Why do Amish call us “English”? (Video)

This practice dates back to the colonial era, according to John Hostetler. From Amish Society, p. 234 (footnote 1):

The Amish practice of calling outsiders “English”…can be traced to language and ethnic-group differences in colonial times. Compact settlements of Germans were distinguished from the English, French, and Spanish colonies in the New World. The Germans did not have a colony, so when the English spoke of Amish and Mennonite groups, they simply called them “Germans.” Today, when an Amish person calls someone an Englischer, it does not imply any disloyalty to America; it simply indicates that the person is non-Amish.

Not all Amish use the term “English”, however. In this video I give examples of other things which the Amish call non-Amish people. This can vary by community, and by which language the Amish person is speaking.

I remember getting a kick years ago out of learning that Amish call non-Amish Americans, myself included (having zero known ties to England or anything close to it), “English”. But if you live in one part of Ohio, for example, they call you something else. Runtime: 3:59.


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    1. C.J.

      Message from an “Englisher”

      Several years ago we visited Amish & Englisher friends in PA.
      We thoroughly enjoyed visiting our friends…(we are not Amish).
      One day my husband asked our Amish friend, if he would refer to us as “Englishers”? He thought a iminute & replied, “No, I would call you a human!”
      As I said, we very much enjoyed our visit with everyone, and found most all of the Amish to be kind, polite and very friendly ~ EVEN though we looked VERY different from them ~ me in my short spiky hair, sleeveless top and jeans ~
      It bothers me a lot to hear people set them apart as if they are not human ~~~ God made us ALL in his image!
      Do we all dress alike, speak same language, have the same physical & mental abilities, drive identical vehicles, listen to or sing the same music? You get what I mean ~ Can’t we ~ Just be Kind!
      p.s. By the way, I have noticed that lately you seem to use video format more ~ than this print blog!!?
      I do not like the videos as much as it distracts others who are in the same room, and takes me longer than if I can just READ it!

      Do you get paid more for videos than if you just use this printed blog post/format? IF SO ~ I will understand, otherwise as an elderly senior I thought you might like some feedback! Thank you for listening!

      1. CJ thanks for the feedback. I can understand where you’re coming from and I’m kind of the same as far as how I prefer to consume content.

        I was going to write a response but since others have brought it up, I thought it might just be better to make it into a post where I explain why I’ve been doing videos as well as print posts.

        You can find that here: https://amishamerica.com/a-note-on-videos-vs-printed-content-on-this-site/

        By the way great response by your Amish friend. I don’t find the term English offensive in the slightest but maybe some folks would. In any case I think “human” hits at the core of it.

    2. Subscriber

      Printed posts versus videos

      I enjoy reading news about the Amish. I think Erik does a great job with this newsletter/site.

      That having been said, I agree with the earlier poster about preferring the option of reading text as opposed to having to watching videos. If Erik generates more revenue by his readers viewing content then I will help support his efforts and make time to give some of them more attention.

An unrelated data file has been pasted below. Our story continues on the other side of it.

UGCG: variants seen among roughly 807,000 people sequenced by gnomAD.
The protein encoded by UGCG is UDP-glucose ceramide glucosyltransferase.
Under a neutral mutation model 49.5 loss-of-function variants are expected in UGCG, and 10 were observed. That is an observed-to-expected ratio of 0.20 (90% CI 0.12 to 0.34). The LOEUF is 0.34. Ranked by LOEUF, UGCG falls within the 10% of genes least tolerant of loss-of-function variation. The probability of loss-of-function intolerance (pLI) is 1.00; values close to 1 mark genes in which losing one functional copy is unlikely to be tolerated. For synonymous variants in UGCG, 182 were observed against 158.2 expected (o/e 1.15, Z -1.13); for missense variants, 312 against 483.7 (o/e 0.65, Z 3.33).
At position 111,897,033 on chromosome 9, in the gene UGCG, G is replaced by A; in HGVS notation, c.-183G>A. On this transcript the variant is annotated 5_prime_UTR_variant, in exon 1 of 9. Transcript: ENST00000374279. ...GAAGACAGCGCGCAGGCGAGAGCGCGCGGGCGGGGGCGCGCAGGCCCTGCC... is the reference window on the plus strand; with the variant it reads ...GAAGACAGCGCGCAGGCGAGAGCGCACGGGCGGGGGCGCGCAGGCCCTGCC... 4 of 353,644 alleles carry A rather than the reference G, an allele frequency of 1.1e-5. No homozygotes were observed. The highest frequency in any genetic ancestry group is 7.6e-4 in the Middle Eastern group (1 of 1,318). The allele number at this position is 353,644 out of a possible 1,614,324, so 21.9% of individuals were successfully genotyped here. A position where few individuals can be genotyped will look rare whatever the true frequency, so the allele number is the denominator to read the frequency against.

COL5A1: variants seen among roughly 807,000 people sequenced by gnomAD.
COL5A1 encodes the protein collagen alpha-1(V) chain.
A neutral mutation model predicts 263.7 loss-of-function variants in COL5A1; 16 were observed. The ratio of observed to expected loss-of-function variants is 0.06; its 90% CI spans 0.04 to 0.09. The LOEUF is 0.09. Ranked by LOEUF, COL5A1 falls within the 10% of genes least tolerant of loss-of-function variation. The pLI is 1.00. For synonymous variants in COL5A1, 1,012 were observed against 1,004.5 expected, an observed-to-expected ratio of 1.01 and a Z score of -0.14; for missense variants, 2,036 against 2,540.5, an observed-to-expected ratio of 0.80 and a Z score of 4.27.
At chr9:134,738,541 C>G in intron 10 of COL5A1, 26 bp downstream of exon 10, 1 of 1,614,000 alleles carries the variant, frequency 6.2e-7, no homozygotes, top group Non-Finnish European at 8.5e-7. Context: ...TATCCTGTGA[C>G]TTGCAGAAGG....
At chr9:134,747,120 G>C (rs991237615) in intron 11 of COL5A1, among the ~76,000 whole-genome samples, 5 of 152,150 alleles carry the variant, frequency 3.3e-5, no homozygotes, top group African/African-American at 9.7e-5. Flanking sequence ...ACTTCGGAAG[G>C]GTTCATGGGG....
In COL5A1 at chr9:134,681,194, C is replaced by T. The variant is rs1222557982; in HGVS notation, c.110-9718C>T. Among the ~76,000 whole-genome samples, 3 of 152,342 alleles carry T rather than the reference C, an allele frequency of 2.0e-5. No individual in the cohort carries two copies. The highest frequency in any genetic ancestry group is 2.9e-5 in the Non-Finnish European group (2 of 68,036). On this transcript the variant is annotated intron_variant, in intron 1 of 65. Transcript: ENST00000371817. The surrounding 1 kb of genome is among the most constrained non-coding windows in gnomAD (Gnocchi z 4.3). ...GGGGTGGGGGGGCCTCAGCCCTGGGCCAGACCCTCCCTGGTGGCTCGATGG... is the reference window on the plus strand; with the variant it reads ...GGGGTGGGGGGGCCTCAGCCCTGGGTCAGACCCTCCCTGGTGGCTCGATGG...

1. Thanks, I appreciate that – since this is more-or-less my full-time work, revenue does necessarily enter the picture, but it’s just as much that it seems there is a lot of space for videos and not so much knowledge on the Amish in that format, so it’s an opportunity to provide that. So far, video provides a small part but not the bulk of support for the site.

        It’s gone pretty well so far, though not sure how videos will work out longer term; in any case I don’t plan to stop the printed content anytime soon (15 years of doing it, I’m too far in 🙂 ). I explain further in this new post: https://amishamerica.com/a-note-on-videos-vs-printed-content-on-this-site/

        So in a nutshell, don’t feel like you need to view any videos if you don’t want to, but I certainly appreciate the sentiment.

    3. Ken Pack


      “The World”, “the World’s people”

    4. Romain S.

      I prefer reading

      I also agree that reading the articles suits me better. As I am French, I understand the subject better by reading it, or even by rereading it slowly, rather than when I hear it. Especially since in France, we learn English “so british”, I have more difficulty to follow some American turns of phrase and expressions. Even the accent is not the same. I had already told Erik that in Alsace, we joke that Americans probably speak with a hot potato in their mouth 😉 😀

      1. I can imagine that listening to some of my vids could be a nightmare then! Maybe two or three potatoes in my case 😀 But I will still be doing more posts than videos and don’t expect that to change: https://amishamerica.com/a-note-on-videos-vs-printed-content-on-this-site/

    5. Emily

      The Amish and Non-English "English"

      Erik (and anyone who might know),

      I was wondering if you might know how the Amish refer to non-Amish who don’t speak English as their first language. I’m thinking here of the growing communities of Latino folks in rural areas. I’m also thinking of my my one trip to Lancaster County, where I saw groups of Orthodox (possibly Hasidic?) Jews enjoying trips to Amish farms, buggy rides, etc. Are they all English/hochleit (pardon my spelling)?